nine removed
six --> 
six removed
List is empty
Length: 0
Length: 0
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Linked Lists in Java

Binary Tree and Tree Traversals using Java

    The root node of a tree is the node with no parents. There is at most one root node in a rooted tree.A leaf node has no children.
    The depth of a node n is the length of the path from the root to the node. The set of all nodes at a given depth is sometimes called a level of the tree. The root node is at depth zero.
    The height of a tree is the length of the path from the root to the deepest node in the tree. A (rooted) tree with only one node (the root) has a height of zero.
    Siblings are nodes that share the same parent node.
    A node p is an ancestor of a node q if it exists on the path from q to the root. The node q is then termed a descendant of p.
    The size of a node is the number of descendants it has including itself.
    In-degree of a node is the number of edges arriving at that node.
    Out-degree of a node is the number of edges leaving that node.
    The root is the only node in the tree with In-degree = 0.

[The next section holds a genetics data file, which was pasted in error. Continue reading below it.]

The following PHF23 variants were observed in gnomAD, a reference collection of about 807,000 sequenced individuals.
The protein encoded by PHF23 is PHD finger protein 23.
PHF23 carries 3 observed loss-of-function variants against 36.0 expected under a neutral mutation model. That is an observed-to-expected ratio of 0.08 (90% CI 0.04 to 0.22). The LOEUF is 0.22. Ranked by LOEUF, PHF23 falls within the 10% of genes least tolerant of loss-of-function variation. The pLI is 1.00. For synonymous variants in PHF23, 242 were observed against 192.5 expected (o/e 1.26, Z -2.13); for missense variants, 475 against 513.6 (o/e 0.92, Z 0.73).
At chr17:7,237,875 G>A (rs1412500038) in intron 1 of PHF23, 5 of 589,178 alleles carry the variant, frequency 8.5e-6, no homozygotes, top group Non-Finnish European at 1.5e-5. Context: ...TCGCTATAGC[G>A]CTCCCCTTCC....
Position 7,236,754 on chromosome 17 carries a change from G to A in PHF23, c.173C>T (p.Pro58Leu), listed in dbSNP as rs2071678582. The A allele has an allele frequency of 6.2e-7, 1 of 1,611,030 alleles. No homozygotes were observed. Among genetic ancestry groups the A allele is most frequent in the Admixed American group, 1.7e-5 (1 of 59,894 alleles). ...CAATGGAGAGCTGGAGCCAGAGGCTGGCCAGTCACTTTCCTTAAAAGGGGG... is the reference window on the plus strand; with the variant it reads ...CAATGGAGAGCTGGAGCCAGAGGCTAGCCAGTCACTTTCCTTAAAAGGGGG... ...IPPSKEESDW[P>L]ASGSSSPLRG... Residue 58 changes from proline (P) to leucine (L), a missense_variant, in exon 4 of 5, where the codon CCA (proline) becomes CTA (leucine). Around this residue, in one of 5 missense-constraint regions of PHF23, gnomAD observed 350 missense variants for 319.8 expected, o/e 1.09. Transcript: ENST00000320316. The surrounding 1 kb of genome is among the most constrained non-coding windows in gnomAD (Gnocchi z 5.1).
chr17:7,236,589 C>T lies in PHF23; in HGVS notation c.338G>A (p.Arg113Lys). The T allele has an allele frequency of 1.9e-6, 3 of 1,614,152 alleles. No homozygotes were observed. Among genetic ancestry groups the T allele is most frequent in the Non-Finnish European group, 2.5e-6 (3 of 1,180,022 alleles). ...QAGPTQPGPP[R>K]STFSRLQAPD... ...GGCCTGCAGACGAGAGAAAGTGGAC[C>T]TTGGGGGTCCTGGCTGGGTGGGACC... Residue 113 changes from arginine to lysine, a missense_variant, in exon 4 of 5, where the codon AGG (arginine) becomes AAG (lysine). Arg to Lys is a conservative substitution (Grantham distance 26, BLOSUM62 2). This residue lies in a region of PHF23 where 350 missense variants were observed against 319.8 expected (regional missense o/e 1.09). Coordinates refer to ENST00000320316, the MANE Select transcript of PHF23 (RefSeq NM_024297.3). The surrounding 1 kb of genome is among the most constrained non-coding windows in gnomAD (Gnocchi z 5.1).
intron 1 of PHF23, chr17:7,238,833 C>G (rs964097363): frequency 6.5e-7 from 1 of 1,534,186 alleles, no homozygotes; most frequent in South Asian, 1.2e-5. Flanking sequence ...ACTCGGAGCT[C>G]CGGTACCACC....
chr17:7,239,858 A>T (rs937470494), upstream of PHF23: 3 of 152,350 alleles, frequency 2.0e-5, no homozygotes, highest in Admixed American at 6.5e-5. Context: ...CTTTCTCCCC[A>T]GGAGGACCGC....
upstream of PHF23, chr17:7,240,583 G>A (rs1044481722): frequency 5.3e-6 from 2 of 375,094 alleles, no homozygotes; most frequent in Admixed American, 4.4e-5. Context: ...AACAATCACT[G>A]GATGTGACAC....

BInary Tree

TreeNode Class


public class TreeNode{

	TreeNode leftNode;
	TreeNode rightNode;
	int data;
	
	public TreeNode(int value){
		data = value;
		leftNode = rightNode = null;
	}
	
	public void insert(int value){
		if (value < data){
			if (leftNode == null)
				leftNode = new TreeNode(value);
			else
				leftNode.insert(value);
		}
		else if (value > data){
			if (rightNode == null)
				rightNode = new TreeNode(value);
			else
				rightNode.insert(value);
		}
	}

}

Preorder Traversal

  preorder(node)
  if node = null then return
  print node.value
  preorder(node.left) 
  preorder(node.right)

Preorder Traversal

Postorder Traversal

  postorder(node)
  if node = null then return
  postorder(node.left)
  postorder(node.right)
  print node.value

PostOrder Traversal

Inorder Traversal